Bulgaria: 170 000 pupils in 7th, 8th, 12th grades back to in-person classes

Pupils in the seventh, eighth and 12th grades returned to schools in Bulgaria on February 4 for two weeks of in-person classes, after which they will rotate back to distance learning for a fortnight.

This adds about 170 000 pupils and 30 000 teachers to the in-person education process at schools, with close to 740 000 pupils and teachers already at school every day, after pupils in the first to fourth grades returned to school in early January.

In Bulgaria’s capital city Sofia, 1700 pupils submitted declarations that they wanted to remain on distance learning instead of returning to in-person classes.

Mask-wearing in class is mandatory.

Vaccination of teachers in Bulgaria against Covid-19 has begun. So far, about 1400 teachers have received injections, it was announced at a Health Ministry news conference on February 4.

Education Minister Krassimir Vulchev told a briefing that about 24 per cent of teachers in Bulgaria had said that they wanted to be vaccinated.

Against a background of recent figures showing a rise in the number of Covid-19 patients admitted to hospital in Bulgaria in the past week, Vulchev said that if the situation worsens, it was possible that pupils would return to distance learning.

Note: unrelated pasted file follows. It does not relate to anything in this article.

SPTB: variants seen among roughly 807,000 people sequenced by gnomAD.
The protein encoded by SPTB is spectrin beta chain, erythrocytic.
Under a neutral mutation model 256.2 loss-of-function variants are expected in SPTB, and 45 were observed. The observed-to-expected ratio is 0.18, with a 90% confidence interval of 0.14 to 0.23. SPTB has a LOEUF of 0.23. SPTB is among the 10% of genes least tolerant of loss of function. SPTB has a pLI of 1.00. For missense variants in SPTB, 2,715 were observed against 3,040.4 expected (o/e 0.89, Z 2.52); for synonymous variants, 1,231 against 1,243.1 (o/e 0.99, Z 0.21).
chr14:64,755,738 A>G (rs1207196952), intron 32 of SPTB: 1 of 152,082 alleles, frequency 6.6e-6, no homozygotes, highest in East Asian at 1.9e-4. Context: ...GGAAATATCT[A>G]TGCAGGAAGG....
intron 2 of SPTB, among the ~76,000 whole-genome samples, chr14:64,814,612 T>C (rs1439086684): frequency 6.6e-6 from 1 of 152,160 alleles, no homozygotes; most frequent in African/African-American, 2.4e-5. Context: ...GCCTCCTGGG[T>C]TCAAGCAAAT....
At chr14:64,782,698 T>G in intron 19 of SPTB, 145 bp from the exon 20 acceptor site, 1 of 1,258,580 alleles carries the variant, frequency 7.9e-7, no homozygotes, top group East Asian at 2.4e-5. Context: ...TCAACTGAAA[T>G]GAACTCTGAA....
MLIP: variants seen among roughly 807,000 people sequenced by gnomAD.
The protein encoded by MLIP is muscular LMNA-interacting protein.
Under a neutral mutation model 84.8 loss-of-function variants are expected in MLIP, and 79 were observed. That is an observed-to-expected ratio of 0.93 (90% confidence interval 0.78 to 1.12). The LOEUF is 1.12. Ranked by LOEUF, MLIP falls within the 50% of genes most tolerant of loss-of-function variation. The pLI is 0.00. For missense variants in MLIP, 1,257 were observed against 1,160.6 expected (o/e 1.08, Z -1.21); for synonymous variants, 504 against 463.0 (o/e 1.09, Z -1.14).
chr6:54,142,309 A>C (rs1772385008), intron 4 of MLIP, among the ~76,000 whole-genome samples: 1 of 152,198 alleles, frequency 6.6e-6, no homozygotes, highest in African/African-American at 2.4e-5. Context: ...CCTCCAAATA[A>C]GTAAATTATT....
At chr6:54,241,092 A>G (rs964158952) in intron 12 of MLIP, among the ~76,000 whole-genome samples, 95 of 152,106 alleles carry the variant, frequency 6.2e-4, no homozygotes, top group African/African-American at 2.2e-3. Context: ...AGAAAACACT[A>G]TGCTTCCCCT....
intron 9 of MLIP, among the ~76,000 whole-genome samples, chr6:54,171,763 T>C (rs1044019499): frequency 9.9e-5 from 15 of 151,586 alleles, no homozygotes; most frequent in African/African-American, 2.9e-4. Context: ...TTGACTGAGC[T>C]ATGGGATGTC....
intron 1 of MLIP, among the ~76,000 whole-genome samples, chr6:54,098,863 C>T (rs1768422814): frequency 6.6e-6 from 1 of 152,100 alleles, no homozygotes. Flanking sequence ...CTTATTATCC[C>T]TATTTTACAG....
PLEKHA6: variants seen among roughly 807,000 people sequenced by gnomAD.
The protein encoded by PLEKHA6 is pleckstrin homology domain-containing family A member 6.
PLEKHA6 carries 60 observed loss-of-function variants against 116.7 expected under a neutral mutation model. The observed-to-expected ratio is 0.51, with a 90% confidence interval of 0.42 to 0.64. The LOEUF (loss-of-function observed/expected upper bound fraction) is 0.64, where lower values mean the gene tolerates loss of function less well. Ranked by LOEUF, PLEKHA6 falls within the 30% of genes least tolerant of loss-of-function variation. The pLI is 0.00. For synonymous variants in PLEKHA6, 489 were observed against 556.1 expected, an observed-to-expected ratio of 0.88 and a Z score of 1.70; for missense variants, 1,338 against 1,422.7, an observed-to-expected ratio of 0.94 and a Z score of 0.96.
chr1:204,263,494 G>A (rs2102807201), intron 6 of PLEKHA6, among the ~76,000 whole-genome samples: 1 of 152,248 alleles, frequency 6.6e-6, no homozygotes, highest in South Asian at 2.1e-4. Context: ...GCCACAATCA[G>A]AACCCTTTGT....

February and March were risky from an epidemic point of view, “there is not yet a collective effect from the immunisations, you see all over the world the map is dark red, and in Europe. But there is no way we can stop living and learning, education is worth taking a risk for. If the situation worsens, the measures will be tightened,” he said.

He said that the good news was that first to fourth grade pupils were not lagging behind, as had happened in previous years with “flu vacations”, suspension of teaching because of influenza epidemics.

Health Minister Kostadin Angelov told the February 4 briefing that there were discussions about rapid antigen tests for school pupils, but this required co-ordination with the Education Ministry and with parents, because the tests were an invasive procedure that required parental consent.

In a separate announcement, Varna municipality said that testing of staff of kindergartens in the municipality would begin on February 8.

Seven hundred and thirty-six people out of a total of 1599 would be tested, as only people who had not had Covid-19 would be tested, the municipality said.

(Photo: ralaenin/freeimages.com)

The Sofia Globe’s coverage of the Covid-19 situation in Bulgaria is supported by the Embassies of Switzerland and Finland.

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The Sofia Globe staff

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